Jennifer Dennard (07:51):
One that we often highlight is uncertainty. When there's a high degree of uncertainty in terms of what you're doing or what you're going to be doing, that can be a good signal that a live discussion is helpful. Because oftentimes, you sit down to write the project spec or to start drafting the email ... What ends up happening is it becomes an epically long email. Or it's taking you a really long time to figure out what to say.
That suggests that even just a 15-minute call with someone else or scheduling time with the whole group, depending on the group that you're working with or the team, can be really helpful. Because the degree of uncertainty of where you need to go next and what you need to do is too high. Sometimes you know that in advance. And so, it's really easy to be like, "Cool. We need a call to kick this off, because even what we need to do to start is unclear."
And so, that's something that we often use as a trigger when we work with teams within Range, to help set up meeting agendas, and to facilitate those types of discussions where people can raise those ad hoc topics. The other thing, I would say, that personally I use is nuance. Sometimes the time to value of writing something down versus explaining it to someone through recorded audio or through a Loom or through a live meeting ... It's so much faster.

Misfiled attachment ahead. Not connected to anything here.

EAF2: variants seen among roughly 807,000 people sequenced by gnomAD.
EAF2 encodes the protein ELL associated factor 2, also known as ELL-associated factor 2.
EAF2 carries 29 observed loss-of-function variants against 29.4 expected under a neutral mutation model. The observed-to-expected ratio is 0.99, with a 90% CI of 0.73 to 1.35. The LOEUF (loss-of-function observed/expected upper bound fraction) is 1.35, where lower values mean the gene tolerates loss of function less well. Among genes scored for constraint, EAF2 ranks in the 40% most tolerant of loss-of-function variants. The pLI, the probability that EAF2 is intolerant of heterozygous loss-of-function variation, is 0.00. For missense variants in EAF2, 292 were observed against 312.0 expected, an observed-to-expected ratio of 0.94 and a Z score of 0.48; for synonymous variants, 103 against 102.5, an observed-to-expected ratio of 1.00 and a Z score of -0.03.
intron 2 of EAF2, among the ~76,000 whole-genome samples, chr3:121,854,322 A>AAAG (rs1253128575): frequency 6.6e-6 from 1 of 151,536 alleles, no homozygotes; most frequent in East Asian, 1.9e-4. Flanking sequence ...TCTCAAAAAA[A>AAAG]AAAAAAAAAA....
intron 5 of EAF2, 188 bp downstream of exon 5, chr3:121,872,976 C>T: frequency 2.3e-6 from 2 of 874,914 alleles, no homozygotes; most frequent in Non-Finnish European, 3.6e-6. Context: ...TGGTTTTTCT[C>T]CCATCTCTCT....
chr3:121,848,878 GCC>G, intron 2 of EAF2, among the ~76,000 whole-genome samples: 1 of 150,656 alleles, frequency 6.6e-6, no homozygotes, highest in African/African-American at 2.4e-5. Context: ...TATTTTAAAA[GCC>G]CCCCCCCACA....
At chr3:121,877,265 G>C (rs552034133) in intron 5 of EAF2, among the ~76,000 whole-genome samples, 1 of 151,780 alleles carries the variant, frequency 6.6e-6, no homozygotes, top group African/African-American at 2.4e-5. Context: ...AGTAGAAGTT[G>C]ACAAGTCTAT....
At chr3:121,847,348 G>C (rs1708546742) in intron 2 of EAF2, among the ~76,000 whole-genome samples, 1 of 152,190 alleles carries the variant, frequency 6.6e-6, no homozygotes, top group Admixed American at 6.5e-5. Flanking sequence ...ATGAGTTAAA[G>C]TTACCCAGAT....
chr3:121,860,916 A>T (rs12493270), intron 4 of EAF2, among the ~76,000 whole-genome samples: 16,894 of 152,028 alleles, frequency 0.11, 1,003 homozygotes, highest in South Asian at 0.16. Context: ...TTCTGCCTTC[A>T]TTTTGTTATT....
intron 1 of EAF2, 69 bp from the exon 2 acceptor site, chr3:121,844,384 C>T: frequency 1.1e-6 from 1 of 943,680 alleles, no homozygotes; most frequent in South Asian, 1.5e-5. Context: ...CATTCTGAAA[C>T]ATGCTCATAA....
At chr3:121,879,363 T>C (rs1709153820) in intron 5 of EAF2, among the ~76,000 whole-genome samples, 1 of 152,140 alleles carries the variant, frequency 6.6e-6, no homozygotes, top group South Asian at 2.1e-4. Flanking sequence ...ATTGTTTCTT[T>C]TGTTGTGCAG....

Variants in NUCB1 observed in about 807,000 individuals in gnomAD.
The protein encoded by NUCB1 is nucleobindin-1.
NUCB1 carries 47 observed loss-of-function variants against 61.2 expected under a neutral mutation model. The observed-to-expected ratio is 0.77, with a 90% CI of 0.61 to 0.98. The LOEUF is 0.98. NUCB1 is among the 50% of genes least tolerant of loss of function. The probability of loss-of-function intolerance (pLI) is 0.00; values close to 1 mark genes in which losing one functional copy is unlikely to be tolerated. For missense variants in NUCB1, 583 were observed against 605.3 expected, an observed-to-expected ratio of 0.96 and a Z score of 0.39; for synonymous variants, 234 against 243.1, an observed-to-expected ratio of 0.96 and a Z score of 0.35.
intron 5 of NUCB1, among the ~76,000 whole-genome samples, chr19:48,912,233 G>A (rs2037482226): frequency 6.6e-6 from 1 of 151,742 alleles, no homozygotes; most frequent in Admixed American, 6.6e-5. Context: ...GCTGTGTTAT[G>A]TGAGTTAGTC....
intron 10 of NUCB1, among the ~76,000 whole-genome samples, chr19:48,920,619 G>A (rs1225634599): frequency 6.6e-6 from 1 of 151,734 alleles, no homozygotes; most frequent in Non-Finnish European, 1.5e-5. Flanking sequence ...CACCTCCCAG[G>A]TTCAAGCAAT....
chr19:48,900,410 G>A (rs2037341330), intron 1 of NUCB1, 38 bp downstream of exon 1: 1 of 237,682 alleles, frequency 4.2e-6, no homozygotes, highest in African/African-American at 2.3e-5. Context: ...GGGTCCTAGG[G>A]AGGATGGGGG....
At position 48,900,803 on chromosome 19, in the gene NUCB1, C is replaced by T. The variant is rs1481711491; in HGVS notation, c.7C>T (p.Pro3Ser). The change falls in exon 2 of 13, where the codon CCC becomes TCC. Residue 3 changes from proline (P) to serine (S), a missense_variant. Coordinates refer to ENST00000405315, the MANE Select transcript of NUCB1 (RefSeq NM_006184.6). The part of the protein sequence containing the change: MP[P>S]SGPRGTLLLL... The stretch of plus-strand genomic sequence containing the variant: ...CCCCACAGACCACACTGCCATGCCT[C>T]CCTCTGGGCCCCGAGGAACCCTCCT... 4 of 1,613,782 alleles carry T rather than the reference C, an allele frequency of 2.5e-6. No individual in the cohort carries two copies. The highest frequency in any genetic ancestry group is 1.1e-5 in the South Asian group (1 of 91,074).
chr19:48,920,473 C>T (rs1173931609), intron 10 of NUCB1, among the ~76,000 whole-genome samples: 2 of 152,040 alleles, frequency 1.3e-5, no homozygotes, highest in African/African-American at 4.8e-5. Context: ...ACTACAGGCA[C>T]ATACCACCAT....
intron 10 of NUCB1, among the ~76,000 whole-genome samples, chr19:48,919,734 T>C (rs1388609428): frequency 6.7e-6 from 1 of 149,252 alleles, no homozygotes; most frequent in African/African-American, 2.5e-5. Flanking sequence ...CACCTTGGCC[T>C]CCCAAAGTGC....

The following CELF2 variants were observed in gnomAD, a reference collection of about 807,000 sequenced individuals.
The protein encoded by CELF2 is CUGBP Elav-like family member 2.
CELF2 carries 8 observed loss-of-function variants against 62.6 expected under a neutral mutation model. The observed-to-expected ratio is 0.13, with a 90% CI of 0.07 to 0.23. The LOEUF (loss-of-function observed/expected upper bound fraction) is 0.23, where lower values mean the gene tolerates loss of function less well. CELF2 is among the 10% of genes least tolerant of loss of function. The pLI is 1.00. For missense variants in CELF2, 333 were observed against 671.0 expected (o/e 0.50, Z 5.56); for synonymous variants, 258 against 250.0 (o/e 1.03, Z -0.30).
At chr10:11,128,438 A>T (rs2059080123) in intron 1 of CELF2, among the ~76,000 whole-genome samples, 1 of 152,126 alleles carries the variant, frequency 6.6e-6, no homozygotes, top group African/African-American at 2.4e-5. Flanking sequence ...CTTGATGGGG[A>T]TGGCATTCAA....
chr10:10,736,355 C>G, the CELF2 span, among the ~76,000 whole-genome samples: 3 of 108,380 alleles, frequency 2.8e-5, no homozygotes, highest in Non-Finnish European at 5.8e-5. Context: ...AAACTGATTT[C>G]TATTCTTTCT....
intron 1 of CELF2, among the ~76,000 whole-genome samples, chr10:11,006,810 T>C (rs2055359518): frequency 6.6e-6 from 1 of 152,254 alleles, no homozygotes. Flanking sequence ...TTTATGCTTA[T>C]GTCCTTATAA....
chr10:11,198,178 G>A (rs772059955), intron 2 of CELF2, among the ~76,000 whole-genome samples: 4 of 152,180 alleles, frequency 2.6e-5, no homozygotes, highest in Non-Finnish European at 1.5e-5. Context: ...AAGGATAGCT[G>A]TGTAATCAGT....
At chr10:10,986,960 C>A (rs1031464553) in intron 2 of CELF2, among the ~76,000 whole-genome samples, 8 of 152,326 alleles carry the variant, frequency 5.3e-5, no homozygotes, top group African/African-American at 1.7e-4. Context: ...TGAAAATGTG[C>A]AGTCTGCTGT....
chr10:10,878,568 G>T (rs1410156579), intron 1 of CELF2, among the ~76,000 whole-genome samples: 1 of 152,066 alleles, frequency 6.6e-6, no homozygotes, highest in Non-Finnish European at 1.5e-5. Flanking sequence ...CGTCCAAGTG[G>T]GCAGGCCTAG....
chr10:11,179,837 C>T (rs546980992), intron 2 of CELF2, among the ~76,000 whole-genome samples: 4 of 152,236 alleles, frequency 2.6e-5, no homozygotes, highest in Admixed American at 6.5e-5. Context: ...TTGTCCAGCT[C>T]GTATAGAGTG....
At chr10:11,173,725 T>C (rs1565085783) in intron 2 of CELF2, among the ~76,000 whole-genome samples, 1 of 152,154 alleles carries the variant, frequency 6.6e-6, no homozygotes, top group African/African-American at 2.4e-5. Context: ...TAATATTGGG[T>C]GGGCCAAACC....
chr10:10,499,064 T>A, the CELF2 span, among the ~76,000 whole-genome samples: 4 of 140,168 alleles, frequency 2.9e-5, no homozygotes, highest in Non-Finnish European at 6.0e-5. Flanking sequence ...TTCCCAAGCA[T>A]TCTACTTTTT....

Because you're drawing connections between maybe three or four or five different points. When you say it out loud and can make that discussion, it's really easy for someone to grasp. But when you write it down, it changes the meaning of what you're saying. And so, that's where I think it can be really helpful to do that live. When there's a high degree of nuance. And then, once you've come out with a decision or something that's more clear, that's when you can then go back to async or back to writing. You want to make sure to do so, so that others are staying in the loop.